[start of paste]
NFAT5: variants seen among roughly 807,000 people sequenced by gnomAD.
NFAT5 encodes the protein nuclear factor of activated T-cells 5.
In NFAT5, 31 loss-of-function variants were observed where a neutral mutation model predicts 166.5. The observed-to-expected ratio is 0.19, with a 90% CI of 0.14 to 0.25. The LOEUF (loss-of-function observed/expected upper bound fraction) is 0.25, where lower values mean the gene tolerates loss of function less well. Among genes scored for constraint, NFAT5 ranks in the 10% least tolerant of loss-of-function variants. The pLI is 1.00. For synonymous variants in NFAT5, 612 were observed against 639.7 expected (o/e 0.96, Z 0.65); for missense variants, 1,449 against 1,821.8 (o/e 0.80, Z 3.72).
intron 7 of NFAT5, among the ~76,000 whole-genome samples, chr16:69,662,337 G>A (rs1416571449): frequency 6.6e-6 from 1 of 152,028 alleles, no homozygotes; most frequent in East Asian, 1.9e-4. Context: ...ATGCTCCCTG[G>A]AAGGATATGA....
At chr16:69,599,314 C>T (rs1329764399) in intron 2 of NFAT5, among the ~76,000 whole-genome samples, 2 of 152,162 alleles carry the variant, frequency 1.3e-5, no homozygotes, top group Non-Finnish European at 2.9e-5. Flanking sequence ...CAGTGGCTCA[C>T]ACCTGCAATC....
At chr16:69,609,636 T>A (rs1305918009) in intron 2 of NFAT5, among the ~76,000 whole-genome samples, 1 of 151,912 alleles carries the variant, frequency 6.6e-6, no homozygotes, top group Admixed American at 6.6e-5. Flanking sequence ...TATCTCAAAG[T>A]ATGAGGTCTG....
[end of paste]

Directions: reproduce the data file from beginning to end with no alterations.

NFAT5: variants seen among roughly 807,000 people sequenced by gnomAD.
NFAT5 encodes the protein nuclear factor of activated T-cells 5.
In NFAT5, 31 loss-of-function variants were observed where a neutral mutation model predicts 166.5. The observed-to-expected ratio is 0.19, with a 90% CI of 0.14 to 0.25. The LOEUF (loss-of-function observed/expected upper bound fraction) is 0.25, where lower values mean the gene tolerates loss of function less well. Among genes scored for constraint, NFAT5 ranks in the 10% least tolerant of loss-of-function variants. The pLI is 1.00. For synonymous variants in NFAT5, 612 were observed against 639.7 expected (o/e 0.96, Z 0.65); for missense variants, 1,449 against 1,821.8 (o/e 0.80, Z 3.72).
intron 7 of NFAT5, among the ~76,000 whole-genome samples, chr16:69,662,337 G>A (rs1416571449): frequency 6.6e-6 from 1 of 152,028 alleles, no homozygotes; most frequent in East Asian, 1.9e-4. Context: ...ATGCTCCCTG[G>A]AAGGATATGA....
At chr16:69,599,314 C>T (rs1329764399) in intron 2 of NFAT5, among the ~76,000 whole-genome samples, 2 of 152,162 alleles carry the variant, frequency 1.3e-5, no homozygotes, top group Non-Finnish European at 2.9e-5. Flanking sequence ...CAGTGGCTCA[C>T]ACCTGCAATC....
At chr16:69,609,636 T>A (rs1305918009) in intron 2 of NFAT5, among the ~76,000 whole-genome samples, 1 of 151,912 alleles carries the variant, frequency 6.6e-6, no homozygotes, top group Admixed American at 6.6e-5. Flanking sequence ...TATCTCAAAG[T>A]ATGAGGTCTG....